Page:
Bob’s Newsletter: Wednesday, 26 August 2020
“The past is omnipresent.” –Bob Rogers
Women’s Equality Day and the United States Postal Service
Women’s Equality Day
Today, some folks in the United States will observe “Women’s Equality Day.” I am saluting the twin continuing struggles for suffrage and pay equity for women. Though I am sharing materials written mostly by women with you that I have “uncovered” (tripped over) while researching other histories, I found 19th, 20th, and 21st Century men who have participated in seeking equity for women.
Beginning in 1980, I joined the fray on behalf of the only and star female performer on my staff (read: best, número uno). A time-worn expression may apply to this subject: “Progress has been made.” I would add that significant work is still needed to close equity gaps.
Enough from me already—before I start on U.S. Soccer. Here are a handful of sources for your understanding and further exploration of the issues:
- Time Magazine (History)
- Yale University (History)
- Forbes (Compare the earnings of Jorge and Jasmine)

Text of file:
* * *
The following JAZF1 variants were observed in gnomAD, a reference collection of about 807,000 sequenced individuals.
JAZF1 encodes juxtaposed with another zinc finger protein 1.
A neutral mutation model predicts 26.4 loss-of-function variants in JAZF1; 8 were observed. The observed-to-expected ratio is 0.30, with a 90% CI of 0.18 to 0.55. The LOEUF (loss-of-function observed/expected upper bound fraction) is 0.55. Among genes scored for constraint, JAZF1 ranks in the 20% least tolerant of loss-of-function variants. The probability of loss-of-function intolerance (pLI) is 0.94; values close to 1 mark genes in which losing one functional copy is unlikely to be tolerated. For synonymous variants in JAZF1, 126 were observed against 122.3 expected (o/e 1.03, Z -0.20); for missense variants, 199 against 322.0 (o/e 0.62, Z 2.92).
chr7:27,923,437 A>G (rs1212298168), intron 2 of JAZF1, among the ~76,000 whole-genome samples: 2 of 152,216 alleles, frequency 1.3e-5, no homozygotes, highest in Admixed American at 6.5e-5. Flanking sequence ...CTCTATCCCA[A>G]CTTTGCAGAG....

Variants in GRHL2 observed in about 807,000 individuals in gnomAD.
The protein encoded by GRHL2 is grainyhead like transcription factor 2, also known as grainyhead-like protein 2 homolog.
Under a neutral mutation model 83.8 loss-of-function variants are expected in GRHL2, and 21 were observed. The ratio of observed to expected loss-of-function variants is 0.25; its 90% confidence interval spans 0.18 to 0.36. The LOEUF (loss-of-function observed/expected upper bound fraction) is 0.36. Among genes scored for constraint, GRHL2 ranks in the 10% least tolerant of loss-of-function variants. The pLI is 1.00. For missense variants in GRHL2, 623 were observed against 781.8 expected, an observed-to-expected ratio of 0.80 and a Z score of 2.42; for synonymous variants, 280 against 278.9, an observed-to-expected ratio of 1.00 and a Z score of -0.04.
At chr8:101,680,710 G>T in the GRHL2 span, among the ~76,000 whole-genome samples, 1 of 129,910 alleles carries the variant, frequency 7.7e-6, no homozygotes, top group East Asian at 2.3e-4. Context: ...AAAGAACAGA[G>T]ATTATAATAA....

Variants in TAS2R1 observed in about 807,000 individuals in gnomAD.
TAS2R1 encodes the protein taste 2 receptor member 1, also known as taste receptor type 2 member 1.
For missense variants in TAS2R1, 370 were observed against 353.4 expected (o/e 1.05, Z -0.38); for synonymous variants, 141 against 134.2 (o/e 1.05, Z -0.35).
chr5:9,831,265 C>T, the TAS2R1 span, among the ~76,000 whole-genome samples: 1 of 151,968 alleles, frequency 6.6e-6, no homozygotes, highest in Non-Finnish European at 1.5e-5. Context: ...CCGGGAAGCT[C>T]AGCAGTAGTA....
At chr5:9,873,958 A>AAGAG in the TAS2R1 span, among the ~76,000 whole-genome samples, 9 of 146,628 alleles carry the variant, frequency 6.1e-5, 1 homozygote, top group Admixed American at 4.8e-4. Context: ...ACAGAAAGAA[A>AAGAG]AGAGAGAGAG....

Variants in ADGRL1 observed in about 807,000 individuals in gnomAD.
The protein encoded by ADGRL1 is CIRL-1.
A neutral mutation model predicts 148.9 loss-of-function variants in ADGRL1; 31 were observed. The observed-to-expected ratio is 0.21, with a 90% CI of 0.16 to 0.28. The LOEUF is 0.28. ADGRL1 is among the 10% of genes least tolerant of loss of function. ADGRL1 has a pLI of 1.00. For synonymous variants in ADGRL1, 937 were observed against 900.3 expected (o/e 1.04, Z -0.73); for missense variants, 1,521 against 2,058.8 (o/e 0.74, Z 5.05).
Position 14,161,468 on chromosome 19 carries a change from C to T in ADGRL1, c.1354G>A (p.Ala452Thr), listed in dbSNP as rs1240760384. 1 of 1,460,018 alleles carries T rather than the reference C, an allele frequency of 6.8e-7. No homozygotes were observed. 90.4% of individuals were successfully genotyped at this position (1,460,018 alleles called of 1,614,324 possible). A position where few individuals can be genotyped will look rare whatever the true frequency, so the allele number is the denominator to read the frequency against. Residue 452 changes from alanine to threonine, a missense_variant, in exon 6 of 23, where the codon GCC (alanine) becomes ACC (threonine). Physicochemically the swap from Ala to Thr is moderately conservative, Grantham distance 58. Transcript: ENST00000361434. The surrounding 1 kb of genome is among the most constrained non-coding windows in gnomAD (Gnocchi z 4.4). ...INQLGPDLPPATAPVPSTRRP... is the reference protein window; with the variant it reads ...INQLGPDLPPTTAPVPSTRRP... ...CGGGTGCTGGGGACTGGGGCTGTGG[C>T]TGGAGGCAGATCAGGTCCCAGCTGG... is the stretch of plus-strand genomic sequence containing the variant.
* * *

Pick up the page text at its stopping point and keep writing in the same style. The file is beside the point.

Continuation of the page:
- UN Women (“I am Generation Equality: Realizing Women’s Rights.”)
Delivering the Mail
At age nine or ten, among my first letters were ones to the Lone Ranger and Captain Midnight fan clubs in the 1950s. During the days and weeks that followed, I stood beside the street at the appointed hour waiting for our mail carrier. In his kind way, he would patiently ask me to be patient. When my secret decoder arrived from Captain Midnight, our mail carrier was all grins celebrating with me the arrival of that important piece of mail.
As the United States Postal Service has saluted women important to progress in American history, I salute the women and men of USPS.
You can get your FREE copy of the colorful pictorial history of USPS from my website. While you are visiting my website, you are also invited to download the FREE one-page mail delivery story I wrote based on a two-sentence 1867 historical footnote that caught my eye. The story title is Duty Called.
Take a few minutes and share with me your earliest memory of the women and men of USPS or pay inequity.
Until the next time, do all the good you can for all the people you can.